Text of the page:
Let’s further examine the role that developer experience plays in your developers’ work life and its contribution to the software development process.
A great developer experience bolsters developers’ morale and increases retention. When developers are willing and able to do their best and there is less churn in the engineering team, your organization can move faster, and if your team can speedily perform assigned tasks, it directly impacts your bottom line. Developer experience is, therefore, a key business value proposition that sets off a domino effect resulting in considerable improvements in business outcomes.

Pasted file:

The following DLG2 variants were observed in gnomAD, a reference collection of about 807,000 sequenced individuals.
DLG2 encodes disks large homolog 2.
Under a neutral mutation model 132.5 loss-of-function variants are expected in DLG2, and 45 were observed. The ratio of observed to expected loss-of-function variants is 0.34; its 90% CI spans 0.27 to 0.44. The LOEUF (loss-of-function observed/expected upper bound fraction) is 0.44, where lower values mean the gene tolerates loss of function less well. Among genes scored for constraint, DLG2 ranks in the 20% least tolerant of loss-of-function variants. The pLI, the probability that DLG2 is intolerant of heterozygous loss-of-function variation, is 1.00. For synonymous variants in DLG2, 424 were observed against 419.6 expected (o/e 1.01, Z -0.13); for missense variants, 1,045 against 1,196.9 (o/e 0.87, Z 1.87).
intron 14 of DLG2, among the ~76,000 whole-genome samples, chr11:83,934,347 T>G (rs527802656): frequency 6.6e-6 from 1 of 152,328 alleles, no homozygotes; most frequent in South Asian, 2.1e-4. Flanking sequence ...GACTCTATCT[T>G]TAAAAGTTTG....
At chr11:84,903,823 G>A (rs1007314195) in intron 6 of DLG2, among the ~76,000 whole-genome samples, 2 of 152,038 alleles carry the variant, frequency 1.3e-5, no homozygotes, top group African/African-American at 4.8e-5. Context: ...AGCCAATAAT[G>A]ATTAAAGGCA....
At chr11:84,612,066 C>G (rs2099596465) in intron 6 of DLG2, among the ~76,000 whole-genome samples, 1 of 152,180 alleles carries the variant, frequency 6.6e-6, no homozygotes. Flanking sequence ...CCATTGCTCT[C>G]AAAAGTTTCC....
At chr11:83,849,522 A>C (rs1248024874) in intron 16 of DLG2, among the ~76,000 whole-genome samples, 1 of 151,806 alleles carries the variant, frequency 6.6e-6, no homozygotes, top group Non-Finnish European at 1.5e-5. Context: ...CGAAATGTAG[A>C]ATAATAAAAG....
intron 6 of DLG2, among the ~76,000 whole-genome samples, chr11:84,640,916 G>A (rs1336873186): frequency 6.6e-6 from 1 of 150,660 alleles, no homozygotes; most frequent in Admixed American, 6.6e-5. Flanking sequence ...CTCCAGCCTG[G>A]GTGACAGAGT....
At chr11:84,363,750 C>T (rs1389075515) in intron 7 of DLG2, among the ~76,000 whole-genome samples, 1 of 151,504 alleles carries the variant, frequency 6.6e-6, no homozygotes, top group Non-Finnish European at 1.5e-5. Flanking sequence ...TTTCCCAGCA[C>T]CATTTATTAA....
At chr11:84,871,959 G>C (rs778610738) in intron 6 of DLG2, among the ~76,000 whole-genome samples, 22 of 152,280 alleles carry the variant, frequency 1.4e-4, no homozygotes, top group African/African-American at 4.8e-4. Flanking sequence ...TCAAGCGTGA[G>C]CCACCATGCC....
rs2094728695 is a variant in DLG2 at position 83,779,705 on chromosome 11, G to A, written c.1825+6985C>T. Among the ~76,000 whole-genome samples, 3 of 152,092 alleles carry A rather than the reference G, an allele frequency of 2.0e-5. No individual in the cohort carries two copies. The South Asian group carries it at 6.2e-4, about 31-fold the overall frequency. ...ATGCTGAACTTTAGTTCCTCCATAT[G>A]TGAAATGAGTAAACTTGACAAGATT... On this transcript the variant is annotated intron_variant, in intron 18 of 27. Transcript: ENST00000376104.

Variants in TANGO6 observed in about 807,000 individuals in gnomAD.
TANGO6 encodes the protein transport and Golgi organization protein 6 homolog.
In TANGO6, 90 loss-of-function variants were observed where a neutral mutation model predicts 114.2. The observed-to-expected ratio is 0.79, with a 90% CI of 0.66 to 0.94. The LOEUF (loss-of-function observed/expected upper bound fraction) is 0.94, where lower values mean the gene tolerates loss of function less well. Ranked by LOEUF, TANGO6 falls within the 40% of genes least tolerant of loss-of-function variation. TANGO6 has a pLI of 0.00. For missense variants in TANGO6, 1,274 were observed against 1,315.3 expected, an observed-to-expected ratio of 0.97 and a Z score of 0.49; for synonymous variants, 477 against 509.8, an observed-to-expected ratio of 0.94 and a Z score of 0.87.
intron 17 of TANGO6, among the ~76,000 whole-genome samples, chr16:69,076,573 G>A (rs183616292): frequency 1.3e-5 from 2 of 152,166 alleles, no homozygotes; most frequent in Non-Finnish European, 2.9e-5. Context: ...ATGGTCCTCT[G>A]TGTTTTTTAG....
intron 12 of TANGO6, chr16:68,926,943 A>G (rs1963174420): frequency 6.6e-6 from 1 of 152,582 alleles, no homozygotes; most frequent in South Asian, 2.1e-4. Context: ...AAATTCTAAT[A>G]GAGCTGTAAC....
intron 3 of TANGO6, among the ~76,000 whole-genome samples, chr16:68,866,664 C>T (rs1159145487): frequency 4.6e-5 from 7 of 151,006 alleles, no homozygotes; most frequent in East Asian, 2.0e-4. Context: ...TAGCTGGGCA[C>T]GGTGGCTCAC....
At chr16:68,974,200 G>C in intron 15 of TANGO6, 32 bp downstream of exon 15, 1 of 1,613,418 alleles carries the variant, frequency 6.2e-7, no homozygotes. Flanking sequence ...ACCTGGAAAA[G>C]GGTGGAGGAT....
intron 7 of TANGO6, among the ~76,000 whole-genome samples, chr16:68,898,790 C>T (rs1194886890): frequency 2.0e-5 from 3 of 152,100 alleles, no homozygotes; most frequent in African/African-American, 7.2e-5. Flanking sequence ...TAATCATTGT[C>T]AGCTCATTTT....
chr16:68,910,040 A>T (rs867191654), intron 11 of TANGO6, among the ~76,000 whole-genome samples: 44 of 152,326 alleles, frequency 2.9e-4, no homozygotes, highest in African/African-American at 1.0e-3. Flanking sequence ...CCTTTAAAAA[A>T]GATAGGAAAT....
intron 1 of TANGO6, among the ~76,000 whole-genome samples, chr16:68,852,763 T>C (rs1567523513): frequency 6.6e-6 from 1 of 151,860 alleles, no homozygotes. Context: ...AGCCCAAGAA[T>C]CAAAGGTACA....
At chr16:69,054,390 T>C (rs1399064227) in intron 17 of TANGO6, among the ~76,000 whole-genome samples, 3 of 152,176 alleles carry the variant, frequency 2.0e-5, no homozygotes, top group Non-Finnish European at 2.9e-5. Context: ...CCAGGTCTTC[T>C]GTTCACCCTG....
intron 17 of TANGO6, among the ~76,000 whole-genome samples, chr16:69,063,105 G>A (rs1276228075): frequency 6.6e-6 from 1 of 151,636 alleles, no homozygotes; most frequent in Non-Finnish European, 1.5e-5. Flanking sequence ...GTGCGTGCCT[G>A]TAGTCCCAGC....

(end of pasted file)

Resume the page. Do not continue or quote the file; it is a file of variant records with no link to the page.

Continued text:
Various bottlenecks can hinder the developer experience, which can be detrimental both for the developer and the software being built. For those who like to think in rough estimates, we recommend internally calculating how much productivity you risk losing because of poor developer experience. Let’s use an example of an organization with a slow build process. This can include everything from tests taking 30 minutes to run or a small fix taking triple the amount of time designated to developers spending a third of their day waiting for programs to run and test. Eventually, you are unable to deploy anything until your cycle time decreases. In such cases, your developers’ productivity takes a nosedive. If we assume productivity loss to be 15% and if a single developer salary costs you $250,000 a year, your wastage would amount to $25,000 per developer per year. For a hundred developers, you would suffer a $2 million loss. This example affords a clear picture of your company’s potential monetary loss when your intangible processes and frameworks are inadequate.